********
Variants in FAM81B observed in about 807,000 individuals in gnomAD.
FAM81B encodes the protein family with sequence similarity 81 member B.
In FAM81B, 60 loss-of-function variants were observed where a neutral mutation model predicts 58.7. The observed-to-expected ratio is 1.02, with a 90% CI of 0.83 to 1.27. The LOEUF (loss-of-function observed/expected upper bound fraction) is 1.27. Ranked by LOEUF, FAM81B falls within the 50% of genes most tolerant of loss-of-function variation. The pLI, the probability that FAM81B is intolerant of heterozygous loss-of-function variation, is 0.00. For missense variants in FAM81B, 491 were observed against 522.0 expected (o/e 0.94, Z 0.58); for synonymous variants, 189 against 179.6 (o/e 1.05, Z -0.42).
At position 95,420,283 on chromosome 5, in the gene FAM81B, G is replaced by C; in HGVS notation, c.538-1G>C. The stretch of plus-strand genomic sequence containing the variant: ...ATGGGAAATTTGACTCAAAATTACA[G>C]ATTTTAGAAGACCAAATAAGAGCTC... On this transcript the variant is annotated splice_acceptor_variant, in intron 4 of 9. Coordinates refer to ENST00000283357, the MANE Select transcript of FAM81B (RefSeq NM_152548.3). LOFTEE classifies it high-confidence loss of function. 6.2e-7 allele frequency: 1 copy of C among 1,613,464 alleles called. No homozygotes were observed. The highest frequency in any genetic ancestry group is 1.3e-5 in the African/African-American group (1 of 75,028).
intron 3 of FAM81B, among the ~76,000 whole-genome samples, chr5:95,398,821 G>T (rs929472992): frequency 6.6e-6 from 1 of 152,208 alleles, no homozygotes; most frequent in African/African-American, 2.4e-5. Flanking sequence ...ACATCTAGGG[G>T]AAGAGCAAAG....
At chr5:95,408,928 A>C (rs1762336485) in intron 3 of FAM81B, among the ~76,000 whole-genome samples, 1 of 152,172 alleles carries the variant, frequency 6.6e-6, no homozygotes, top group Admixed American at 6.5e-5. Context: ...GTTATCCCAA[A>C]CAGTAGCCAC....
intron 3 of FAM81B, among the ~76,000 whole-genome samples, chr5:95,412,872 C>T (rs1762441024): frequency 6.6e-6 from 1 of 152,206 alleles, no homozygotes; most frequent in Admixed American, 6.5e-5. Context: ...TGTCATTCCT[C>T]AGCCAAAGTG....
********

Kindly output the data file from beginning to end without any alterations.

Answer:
Variants in FAM81B observed in about 807,000 individuals in gnomAD.
FAM81B encodes the protein family with sequence similarity 81 member B.
In FAM81B, 60 loss-of-function variants were observed where a neutral mutation model predicts 58.7. The observed-to-expected ratio is 1.02, with a 90% CI of 0.83 to 1.27. The LOEUF (loss-of-function observed/expected upper bound fraction) is 1.27. Ranked by LOEUF, FAM81B falls within the 50% of genes most tolerant of loss-of-function variation. The pLI, the probability that FAM81B is intolerant of heterozygous loss-of-function variation, is 0.00. For missense variants in FAM81B, 491 were observed against 522.0 expected (o/e 0.94, Z 0.58); for synonymous variants, 189 against 179.6 (o/e 1.05, Z -0.42).
At position 95,420,283 on chromosome 5, in the gene FAM81B, G is replaced by C; in HGVS notation, c.538-1G>C. The stretch of plus-strand genomic sequence containing the variant: ...ATGGGAAATTTGACTCAAAATTACA[G>C]ATTTTAGAAGACCAAATAAGAGCTC... On this transcript the variant is annotated splice_acceptor_variant, in intron 4 of 9. Coordinates refer to ENST00000283357, the MANE Select transcript of FAM81B (RefSeq NM_152548.3). LOFTEE classifies it high-confidence loss of function. 6.2e-7 allele frequency: 1 copy of C among 1,613,464 alleles called. No homozygotes were observed. The highest frequency in any genetic ancestry group is 1.3e-5 in the African/African-American group (1 of 75,028).
intron 3 of FAM81B, among the ~76,000 whole-genome samples, chr5:95,398,821 G>T (rs929472992): frequency 6.6e-6 from 1 of 152,208 alleles, no homozygotes; most frequent in African/African-American, 2.4e-5. Flanking sequence ...ACATCTAGGG[G>T]AAGAGCAAAG....
At chr5:95,408,928 A>C (rs1762336485) in intron 3 of FAM81B, among the ~76,000 whole-genome samples, 1 of 152,172 alleles carries the variant, frequency 6.6e-6, no homozygotes, top group Admixed American at 6.5e-5. Context: ...GTTATCCCAA[A>C]CAGTAGCCAC....
intron 3 of FAM81B, among the ~76,000 whole-genome samples, chr5:95,412,872 C>T (rs1762441024): frequency 6.6e-6 from 1 of 152,206 alleles, no homozygotes; most frequent in Admixed American, 6.5e-5. Context: ...TGTCATTCCT[C>T]AGCCAAAGTG....